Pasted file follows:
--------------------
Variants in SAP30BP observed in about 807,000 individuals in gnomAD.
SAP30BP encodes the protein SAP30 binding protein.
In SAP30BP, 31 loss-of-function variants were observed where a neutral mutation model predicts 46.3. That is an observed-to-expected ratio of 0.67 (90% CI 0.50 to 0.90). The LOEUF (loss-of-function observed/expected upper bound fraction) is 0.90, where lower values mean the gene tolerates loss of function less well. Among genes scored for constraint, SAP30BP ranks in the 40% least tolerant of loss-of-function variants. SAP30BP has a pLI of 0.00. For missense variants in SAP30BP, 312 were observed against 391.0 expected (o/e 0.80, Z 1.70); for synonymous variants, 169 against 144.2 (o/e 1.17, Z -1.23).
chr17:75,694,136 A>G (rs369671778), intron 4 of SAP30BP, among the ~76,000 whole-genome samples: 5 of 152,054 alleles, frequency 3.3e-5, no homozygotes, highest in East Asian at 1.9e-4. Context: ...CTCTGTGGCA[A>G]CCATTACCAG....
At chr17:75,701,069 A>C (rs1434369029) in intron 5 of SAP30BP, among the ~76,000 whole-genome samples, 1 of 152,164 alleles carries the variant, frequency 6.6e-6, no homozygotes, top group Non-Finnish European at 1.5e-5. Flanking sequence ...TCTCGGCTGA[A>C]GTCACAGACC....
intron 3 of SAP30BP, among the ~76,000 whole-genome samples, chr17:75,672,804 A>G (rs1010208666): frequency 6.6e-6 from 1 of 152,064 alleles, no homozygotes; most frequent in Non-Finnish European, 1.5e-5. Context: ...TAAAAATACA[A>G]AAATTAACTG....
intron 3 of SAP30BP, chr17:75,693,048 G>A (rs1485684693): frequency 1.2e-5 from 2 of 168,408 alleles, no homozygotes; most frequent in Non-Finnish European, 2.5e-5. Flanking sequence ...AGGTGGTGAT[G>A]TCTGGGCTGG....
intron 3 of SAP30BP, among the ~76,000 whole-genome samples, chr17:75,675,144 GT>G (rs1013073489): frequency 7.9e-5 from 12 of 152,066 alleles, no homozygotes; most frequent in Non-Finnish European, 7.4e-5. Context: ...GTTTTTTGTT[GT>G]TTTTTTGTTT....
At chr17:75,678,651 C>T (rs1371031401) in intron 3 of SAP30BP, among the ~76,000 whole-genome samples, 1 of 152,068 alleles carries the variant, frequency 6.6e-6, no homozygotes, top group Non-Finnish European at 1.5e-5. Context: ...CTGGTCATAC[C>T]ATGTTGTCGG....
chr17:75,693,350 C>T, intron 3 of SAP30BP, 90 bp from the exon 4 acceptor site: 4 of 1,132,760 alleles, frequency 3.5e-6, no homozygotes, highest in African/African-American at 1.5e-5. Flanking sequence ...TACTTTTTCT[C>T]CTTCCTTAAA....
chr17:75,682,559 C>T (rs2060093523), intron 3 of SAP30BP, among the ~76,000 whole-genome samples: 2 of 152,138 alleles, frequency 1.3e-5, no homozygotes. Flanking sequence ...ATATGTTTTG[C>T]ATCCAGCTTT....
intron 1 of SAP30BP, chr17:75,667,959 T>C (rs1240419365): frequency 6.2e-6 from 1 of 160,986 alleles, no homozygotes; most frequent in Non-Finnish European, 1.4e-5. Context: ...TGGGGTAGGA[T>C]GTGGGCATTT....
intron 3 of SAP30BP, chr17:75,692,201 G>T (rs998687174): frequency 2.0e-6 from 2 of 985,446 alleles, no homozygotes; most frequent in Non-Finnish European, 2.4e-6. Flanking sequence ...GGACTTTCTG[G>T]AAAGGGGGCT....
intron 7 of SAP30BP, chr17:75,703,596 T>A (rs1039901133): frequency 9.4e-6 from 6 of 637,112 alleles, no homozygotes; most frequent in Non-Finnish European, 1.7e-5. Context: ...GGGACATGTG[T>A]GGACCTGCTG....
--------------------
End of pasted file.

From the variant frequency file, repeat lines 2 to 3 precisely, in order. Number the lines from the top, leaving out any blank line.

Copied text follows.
SAP30BP encodes the protein SAP30 binding protein.
In SAP30BP, 31 loss-of-function variants were observed where a neutral mutation model predicts 46.3. That is an observed-to-expected ratio of 0.67 (90% CI 0.50 to 0.90). The LOEUF (loss-of-function observed/expected upper bound fraction) is 0.90, where lower values mean the gene tolerates loss of function less well. Among genes scored for constraint, SAP30BP ranks in the 40% least tolerant of loss-of-function variants. SAP30BP has a pLI of 0.00. For missense variants in SAP30BP, 312 were observed against 391.0 expected (o/e 0.80, Z 1.70); for synonymous variants, 169 against 144.2 (o/e 1.17, Z -1.23).